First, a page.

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I currently have a hierarchy that looks like this


The issue I'm running into is that TabViewModel wants to be notified of conflicts (from ReviewingServices) as well as other things. I could create public getters for all my dependencies and subscribe to whatever I want with DependencyA.DependencyB.DependencyC += SomeHandler; but that's rather messy. I'm finding myself creating far too many events that I wish to count. Essentially, I've created a messy web of events. I love the separation of responsibilities that I've created for every class but when every class has 2-3 events each it's rather difficult to maintain. I'm having no issues creating and maintaining events if the subscriber is only 1 level above. The mess comes when say MainWindowViewModel wishes to be notified of new reviews (published from ReviewingServies.

Is there a better of doing these types of events where a subscriber could want to subscribe to events that are deeply nested in the application?

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up vote 1 down vote accepted

I don't know if I really got your trouble, but I suggest to look at some kind of event aggregator. Try to check out the Caliburn one, but is not so different to implement one yourself. With this you name the event with a type and subscribe to it from everywhere.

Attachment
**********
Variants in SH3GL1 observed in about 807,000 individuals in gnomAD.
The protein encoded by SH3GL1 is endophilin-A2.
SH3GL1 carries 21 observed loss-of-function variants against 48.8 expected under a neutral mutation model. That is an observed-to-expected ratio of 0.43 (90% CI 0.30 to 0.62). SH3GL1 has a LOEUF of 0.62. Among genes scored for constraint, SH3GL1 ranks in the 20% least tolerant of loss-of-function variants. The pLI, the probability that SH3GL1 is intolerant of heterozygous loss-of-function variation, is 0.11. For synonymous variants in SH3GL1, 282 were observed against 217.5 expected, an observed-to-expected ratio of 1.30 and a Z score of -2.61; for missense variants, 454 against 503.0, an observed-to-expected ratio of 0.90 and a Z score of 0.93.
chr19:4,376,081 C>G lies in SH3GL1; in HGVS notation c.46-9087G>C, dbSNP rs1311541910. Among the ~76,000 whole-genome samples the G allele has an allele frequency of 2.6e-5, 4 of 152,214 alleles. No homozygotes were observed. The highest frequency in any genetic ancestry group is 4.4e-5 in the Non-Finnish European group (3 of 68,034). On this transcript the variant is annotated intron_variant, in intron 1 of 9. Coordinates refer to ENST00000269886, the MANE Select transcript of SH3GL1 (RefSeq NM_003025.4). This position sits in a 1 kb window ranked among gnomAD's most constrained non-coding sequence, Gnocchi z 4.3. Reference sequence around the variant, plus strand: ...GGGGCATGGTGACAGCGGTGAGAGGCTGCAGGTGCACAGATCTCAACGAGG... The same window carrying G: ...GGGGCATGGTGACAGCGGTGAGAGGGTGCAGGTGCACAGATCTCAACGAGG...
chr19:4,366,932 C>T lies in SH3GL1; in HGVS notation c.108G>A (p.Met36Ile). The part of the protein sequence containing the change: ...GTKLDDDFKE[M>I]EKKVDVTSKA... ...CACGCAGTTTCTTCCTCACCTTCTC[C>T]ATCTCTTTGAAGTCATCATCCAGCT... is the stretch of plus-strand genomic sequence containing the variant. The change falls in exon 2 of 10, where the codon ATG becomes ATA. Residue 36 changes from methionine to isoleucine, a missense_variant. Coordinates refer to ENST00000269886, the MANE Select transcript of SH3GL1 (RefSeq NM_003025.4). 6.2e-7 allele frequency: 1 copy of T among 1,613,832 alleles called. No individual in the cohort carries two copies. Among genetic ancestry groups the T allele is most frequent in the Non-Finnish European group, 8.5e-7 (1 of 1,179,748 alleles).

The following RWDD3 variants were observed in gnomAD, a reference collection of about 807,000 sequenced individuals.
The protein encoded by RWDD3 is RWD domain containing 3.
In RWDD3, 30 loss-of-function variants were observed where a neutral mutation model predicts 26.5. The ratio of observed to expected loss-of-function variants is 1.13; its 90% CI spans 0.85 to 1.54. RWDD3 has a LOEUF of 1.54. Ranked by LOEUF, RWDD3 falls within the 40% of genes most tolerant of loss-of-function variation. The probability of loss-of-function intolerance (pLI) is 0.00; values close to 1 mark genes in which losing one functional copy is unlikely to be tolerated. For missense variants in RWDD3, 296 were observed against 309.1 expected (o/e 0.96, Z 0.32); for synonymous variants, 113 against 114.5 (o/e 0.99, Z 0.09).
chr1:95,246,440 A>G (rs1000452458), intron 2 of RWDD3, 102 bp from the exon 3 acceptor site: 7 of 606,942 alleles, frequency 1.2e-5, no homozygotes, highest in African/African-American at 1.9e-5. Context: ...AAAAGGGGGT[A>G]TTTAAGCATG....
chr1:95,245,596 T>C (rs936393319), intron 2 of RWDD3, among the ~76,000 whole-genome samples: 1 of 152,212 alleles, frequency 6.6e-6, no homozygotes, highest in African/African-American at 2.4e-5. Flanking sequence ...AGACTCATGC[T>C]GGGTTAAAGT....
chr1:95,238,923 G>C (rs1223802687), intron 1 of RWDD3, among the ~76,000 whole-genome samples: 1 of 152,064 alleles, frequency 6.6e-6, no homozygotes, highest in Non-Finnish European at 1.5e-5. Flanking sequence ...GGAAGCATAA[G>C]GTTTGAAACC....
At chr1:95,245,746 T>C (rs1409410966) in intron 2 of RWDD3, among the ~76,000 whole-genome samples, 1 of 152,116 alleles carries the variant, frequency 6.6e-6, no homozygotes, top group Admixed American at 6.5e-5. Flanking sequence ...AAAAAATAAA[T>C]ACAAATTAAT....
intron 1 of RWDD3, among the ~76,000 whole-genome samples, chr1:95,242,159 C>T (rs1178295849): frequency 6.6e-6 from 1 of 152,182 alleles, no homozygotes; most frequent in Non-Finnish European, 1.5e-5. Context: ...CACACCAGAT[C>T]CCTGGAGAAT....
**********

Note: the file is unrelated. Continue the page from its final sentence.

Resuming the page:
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Try using Microsoft Prism and their Event Aggregator

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Chaining DependencyA.DependencyB.DependencyC is generally considered breaking the Law of Demeter (you are effectively relying on a dependency of a dependency, etc).

I recently solved a similar design problem by using a Mediator defined by an interface such as IMyOperationNameContext which allowed me to share/inject the combined context of two ViewModels with/into a WinForms control which uses a third ViewModel and all of that without coupling the three models together directly.

Something like this (note how in the sample the IAlbumContext acts more as a proxy, but that's just because the sample is simplified):

interface IAlbumContext
    public AlbumInfo SelectedAlbum { get; set; }

class AlbumContext
    AlbumSelectionViewModel _model;

    public AlbumContext(AlbumSelectionViewModel model)
        _model = model;

    public Album SelectedAlbum {
        get { return _model.Album; }

class PhotoUploadDialog : Dialog
    public PhotoUploadDialog(IAlbumContext context, PhotoUploadViewModel viewModel)

While this solution worked for me and I like that it's with high cohesion and decoupled it's ultimately not massively scalable (e.g the number of such context interfaces can grow rapidly depending on the app). However with a more generic solution the trade-off is that the code gets harder to follow.

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